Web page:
Poets Northwest Meet Saturday, January 5, 2019

A diamante poem
A diamante poem.

The first meeting of Poets Northwest in the new year will take place on Saturday, January 5 in the Shiloh Room at the Springdale Library, from 1-3 pm.

All poets—veterans or beginners—are welcome to attend. The main challenge of the day is the Diamante Trio. The challenge is to create a three-part set of events using three diamantes.

The first: set the stage for some expectation

Second: everything falls to pieces

Three: a solution or answer is found and all is well in the end

NOTE: A diamante—pronounced [dee-uh-MAHN-tay]—is an unrhymed seven-line poem. The beginning and ending lines are the shortest, while the lines in the middle are longer, giving diamante poems a diamond shape. Diamante is Italian for diamond.

The second challenge is to create an Etheree.

NOTE: The Etheree is a ten-line form ascending in syllable count for ten unrhymed lines. It’s attributed to an American poet, Etheree Taylor Armstrong of Arkansas.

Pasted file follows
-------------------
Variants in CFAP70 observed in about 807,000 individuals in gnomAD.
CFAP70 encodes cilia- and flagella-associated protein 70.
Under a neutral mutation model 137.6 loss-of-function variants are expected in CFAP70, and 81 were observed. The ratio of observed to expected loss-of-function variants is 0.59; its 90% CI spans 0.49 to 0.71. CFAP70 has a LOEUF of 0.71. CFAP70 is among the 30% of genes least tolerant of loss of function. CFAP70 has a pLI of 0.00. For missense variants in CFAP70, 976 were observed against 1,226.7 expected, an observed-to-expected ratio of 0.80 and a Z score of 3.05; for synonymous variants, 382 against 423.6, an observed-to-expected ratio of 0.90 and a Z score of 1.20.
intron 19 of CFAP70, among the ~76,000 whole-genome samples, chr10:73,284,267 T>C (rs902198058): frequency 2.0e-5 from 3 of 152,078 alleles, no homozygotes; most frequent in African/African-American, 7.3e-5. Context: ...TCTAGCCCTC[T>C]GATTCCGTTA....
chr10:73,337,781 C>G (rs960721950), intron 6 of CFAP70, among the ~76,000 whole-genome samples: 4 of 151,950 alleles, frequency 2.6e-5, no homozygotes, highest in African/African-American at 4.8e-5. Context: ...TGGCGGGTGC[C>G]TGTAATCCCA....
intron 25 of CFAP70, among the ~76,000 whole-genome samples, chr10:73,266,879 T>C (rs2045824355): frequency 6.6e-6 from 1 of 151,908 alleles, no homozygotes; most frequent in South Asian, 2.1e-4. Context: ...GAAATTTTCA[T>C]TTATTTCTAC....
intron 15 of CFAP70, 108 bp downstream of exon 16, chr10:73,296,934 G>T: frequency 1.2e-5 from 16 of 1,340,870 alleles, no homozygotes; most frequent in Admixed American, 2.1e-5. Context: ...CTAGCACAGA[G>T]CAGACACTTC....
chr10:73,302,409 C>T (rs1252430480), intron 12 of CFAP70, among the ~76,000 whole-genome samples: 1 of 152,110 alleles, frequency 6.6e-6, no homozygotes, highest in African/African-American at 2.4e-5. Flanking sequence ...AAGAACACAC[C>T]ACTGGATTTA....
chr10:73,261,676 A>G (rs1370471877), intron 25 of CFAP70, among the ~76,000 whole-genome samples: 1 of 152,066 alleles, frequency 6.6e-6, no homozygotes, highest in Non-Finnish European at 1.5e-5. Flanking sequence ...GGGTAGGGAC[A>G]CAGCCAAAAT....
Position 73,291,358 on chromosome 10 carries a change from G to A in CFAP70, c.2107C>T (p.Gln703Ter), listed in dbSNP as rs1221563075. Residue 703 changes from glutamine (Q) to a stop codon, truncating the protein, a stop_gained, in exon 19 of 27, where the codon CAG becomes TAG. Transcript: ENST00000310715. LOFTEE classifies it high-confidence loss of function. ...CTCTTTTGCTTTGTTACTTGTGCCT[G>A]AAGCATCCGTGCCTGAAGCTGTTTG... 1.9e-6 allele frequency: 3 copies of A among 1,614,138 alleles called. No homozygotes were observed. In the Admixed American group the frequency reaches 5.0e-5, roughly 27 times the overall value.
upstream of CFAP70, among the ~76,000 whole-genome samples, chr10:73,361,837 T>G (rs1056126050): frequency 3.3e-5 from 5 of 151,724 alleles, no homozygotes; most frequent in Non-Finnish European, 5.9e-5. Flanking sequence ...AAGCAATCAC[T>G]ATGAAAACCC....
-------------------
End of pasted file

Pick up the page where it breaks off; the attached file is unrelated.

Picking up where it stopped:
The Etheree is ten lines with 1 – 2 – 3 – 4 – 5 – 6 – 7 – 8 – 9 – 10 syllables per line. and, just as a diamante can be a diamond shape or a double diamante, an Etheree can be diamond-shaped or made into a double etheree. Rhyming is nice, but not required.

Contact: Kate Lacy 479-442-8028 for information

Poetry Reference Site

How to write a Diamante

How to write an Etheree

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